In Russia, Himmler visited a SS execution squad at work. This was at Minsk in August 1941. He was told in clear terms, that the work was affecting the morale of those SS men involved in it. Senior SS officers told Himmler that the shooting of unarmed civilians in cold-blood was sapping morale and that something had to be done to relieve this. Himmler ordered new methods to be investigated.

The SS came up with two ideas for mass executions. One was to put prisoners in some form of house and blow it up thus killing all who were in it. This was seen as being too messy. Another method tried was to put the victims in a building, seal it up and pump car exhausts into it, thus suffocating those in there. This was seen as being too slow.

It was a subordinate to Höss at Auschwitz who came up with a new idea. At Auschwitz, prisoner clothes had to be deloused and this was done using crystalised prussic acid. Manufactured for this purpose, it went under the industrial name of Zyklon B. The officer, Carl Fritsch, wanted to experiment on the prisoners held at Auschwitz.

He used men held in Block 11. This block was full of punishment cells and many who were sent there did not come out alive. Sometime between late August and early September 1941, Fritsch ordered that Block 11 was to be locked down. Windows and doors were sealed up. Russian POW’s were locked in and Zyklon B was used to gas them. The first dosage was too small and it took two goes to kill those in the locked-in cells. Höss had been away from Auschwitz during this time, but he was interested in what Fritsch had done when Fritsch reported back to him on his return to the camp. Höss had always been looking for a ‘cleaner’ way to kill prisoners as he felt that firing squads were bad for morale.

In the autumn of 1941, Auschwitz One was brutal and violent but it was not a death camp. However, this was to change.

The bombing of Hamburg by the Allies in 1941 had created a firestorm and great damage to the city. The Gauleiter in charge of the city was Klaus Kaufmann. He believed that those Hamburgers who had lost their homes had the right to the homes of the Jews in Hamburg whose homes had survived the raids. Kaufmann wrote to Hitler and requested that all the Jews in Hamburg should be deported to the east. It was a request that Hitler agreed to. The Jews of Hamburg were told in October 1941, that they were to leave the city for the east. They were given just 24 hours notice and could only bring with them one suitcase. They were sent by train to Lodz in Poland where a Jewish ghetto already existed. Lodz was already overcrowded and the arrival of the Hamburg Jews made matters worse. The SS wanted a solution to this problem – they found it in Chelmno.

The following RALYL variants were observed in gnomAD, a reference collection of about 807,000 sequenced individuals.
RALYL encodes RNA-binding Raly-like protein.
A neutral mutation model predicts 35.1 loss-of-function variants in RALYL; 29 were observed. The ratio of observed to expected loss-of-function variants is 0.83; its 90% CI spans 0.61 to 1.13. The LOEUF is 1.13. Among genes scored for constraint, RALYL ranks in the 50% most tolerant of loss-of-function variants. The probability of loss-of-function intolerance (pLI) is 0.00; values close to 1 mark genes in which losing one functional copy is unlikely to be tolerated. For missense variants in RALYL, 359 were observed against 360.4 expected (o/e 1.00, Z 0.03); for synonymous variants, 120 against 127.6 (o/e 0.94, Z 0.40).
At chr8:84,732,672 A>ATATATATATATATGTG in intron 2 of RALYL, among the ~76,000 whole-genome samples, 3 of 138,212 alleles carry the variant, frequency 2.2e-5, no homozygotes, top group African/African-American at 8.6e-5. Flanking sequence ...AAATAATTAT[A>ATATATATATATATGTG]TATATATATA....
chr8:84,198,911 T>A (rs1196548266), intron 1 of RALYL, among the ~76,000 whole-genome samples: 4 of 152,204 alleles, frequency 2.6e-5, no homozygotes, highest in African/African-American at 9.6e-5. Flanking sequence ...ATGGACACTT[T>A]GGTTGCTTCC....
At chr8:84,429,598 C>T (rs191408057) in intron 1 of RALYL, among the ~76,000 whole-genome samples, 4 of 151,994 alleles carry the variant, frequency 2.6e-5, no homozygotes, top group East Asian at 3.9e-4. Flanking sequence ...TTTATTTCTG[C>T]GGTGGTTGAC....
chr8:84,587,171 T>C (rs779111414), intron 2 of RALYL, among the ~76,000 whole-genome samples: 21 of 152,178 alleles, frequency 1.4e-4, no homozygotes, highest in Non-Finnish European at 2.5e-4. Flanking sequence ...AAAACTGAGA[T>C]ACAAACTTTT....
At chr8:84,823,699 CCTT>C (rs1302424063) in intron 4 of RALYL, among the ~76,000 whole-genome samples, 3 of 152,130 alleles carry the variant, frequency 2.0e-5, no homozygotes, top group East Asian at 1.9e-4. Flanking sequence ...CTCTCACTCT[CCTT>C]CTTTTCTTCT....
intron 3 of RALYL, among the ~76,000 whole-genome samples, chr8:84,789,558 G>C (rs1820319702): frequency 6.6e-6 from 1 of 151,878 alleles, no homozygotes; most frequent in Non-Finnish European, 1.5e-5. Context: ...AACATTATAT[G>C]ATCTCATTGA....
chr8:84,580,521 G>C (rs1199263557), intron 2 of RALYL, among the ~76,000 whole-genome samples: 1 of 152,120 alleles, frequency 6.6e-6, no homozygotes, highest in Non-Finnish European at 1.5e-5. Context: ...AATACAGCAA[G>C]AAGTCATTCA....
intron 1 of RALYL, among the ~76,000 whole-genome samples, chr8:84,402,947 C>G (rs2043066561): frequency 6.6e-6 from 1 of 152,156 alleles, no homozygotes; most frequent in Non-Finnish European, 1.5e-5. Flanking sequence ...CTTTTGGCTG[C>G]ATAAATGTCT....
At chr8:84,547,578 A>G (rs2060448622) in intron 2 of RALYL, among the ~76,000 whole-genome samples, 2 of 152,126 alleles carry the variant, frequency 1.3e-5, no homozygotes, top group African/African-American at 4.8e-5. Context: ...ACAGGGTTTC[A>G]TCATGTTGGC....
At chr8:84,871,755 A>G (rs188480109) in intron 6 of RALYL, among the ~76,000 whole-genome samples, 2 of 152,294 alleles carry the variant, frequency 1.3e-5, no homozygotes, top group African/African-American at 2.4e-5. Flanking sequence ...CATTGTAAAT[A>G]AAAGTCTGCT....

At Chelmno, the SS set up a factory with one sole purpose – the killing of Jews who were considered to be unproductive in the Lodz ghetto. The factory was remote and served with a rail line. The SS built a similar factory at Belzec, outside of Lublin, to deal with the unproductive Jews from Lublin.

On December 16th, 1941, Hans Frank, the Nazi in charge of western Poland, gave a speech to both SS and army officers where he made it clear that the Nazi hierarchy was thinking about exterminating all the Jews in Poland. What was said at the meeting in Krackow was meant to have remained secret but the minutes of the meeting were  discovered. What was said fitted in with what was discussed at the infamous Wannsee meeting on January 20th 1942. This meeting, chaired by Reinhard Heydrich, with the minutes taken by Adolf Eichmann, was also concerned with what was called the ‘Jewish Problem’. The minutes clearly show that the Nazis wanted all Jews in Europe to be worked to death in concentration camps and those who could not work were to be dealt with ‘appropriately’. This was the so-called ‘Final Solution’.

The work done at Chelmno and Belzec was small-scale and essentially ad hoc to start with. Gas vans were used at Chelmno, which were slow and could only deal with a small number at a time. The Wannsee meeting changed all of this. Its impact on Auschwitz was huge.